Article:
We wrote after Ahmaud Arbery was hunted and killed that we’d been here before, and that it had all become so sickeningly familiar. Now, this time feels different, no doubt. But for it to actually be different it’s going to require white people to finally do the work we’ve been putting off for half a millennium. 

So reading up, getting educated, and sharing resources is a good start. But it really is just a start, a bare minimum first step, and we can’t lose sight of how much damage has been done by waiting this long. If the last-second studying gets us anywhere, it’ll hopefully be a place where we start to conceptualize the work and time that’s needed to repair that damage. 

Image credit: 12 Books Written by Black Authors You Won’t Be Able to Put Down ✊🏽✊🏾✊🏿

When Can You Stop Reading That Book?

There’s no universal rule of thumb for when you can stop reading a book after you pick it up. Some say after you get through 50 pages. Others say after you skip to the end and read the last sentence (if you’re a crazy person). But here are some of the most useful standards our panel of experts has come up with:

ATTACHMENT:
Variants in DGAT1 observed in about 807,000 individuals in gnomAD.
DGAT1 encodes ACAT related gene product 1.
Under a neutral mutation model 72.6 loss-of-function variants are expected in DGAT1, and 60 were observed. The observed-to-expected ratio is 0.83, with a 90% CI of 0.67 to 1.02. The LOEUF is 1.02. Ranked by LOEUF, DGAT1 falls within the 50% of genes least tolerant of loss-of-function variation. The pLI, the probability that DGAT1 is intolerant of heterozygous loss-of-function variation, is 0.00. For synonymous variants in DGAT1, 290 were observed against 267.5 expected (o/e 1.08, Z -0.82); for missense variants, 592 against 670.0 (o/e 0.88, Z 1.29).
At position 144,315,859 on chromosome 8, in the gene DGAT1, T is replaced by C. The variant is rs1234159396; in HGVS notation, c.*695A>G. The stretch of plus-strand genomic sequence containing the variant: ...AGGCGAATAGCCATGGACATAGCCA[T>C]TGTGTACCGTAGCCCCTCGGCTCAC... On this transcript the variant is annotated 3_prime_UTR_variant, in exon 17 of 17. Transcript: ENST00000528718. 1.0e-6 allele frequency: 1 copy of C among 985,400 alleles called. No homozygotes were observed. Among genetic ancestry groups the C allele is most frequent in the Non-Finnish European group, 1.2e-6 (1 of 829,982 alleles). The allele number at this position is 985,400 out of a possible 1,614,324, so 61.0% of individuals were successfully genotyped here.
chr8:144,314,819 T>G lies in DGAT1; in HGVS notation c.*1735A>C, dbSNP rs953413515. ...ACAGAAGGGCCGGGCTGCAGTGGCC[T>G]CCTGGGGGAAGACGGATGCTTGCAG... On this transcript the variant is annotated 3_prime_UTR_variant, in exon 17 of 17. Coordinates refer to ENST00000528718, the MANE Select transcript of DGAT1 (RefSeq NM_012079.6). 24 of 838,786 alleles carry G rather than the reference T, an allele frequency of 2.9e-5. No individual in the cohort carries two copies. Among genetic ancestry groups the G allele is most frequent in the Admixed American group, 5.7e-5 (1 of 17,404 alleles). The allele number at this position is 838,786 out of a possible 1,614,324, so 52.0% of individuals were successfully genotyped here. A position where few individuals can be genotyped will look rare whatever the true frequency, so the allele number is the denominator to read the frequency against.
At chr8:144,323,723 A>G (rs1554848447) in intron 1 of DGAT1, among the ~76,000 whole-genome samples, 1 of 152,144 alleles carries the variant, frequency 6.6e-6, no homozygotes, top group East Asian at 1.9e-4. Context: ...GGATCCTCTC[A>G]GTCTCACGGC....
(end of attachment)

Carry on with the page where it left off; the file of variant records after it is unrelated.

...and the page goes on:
• When it’s time to head to this month’s book group.
  • When the book cuts to an entirely different scene/set of characters, and the dialogue is just as horrid as before.
  • When you see a NYT controversy raging about it.
  • When God rests on the seventh day.
  • When you give up and look at the Wikipedia summary.
  • When you’ve exhausted all the good stuff from the book jacket.
  • When the author is credibly accused of sexual misconduct.
  • When you see the movie.
  • When your friends, strangers, and twitter bots make fun of you for reading Infinite Jest.
  • When you’ve bought two new books since you started reading this one.
  • When you haven’t opened it in like six months and three books have since been stacked on top of it. 
  • When the HBO adaption is better than the manuscript.
  • Never. Don’t be weak. Don’t give up. 

Our “Harper Lee Book of the Week” Is…

To Kill a Mockingbird

Of all the entries in Lee’s bibliography, this one definitely stands out. An endearing tribute to how self-centered Truman Capote could be even as a child, TKAM is a towering work of fiction and a no-brainer for this week’s selection to our Harper Lee Book of the Week list. 

Tune in next week to find out which Lee book makes the cut—will it be her take on Alan Moore’s classic superhero deconstruction, Go Set a Watchman, or her short story collection, A Good Man is Hard to Find? Since you’re a member of the #LeeLegion, we guess you’re okay with waiting a long time for the sequel!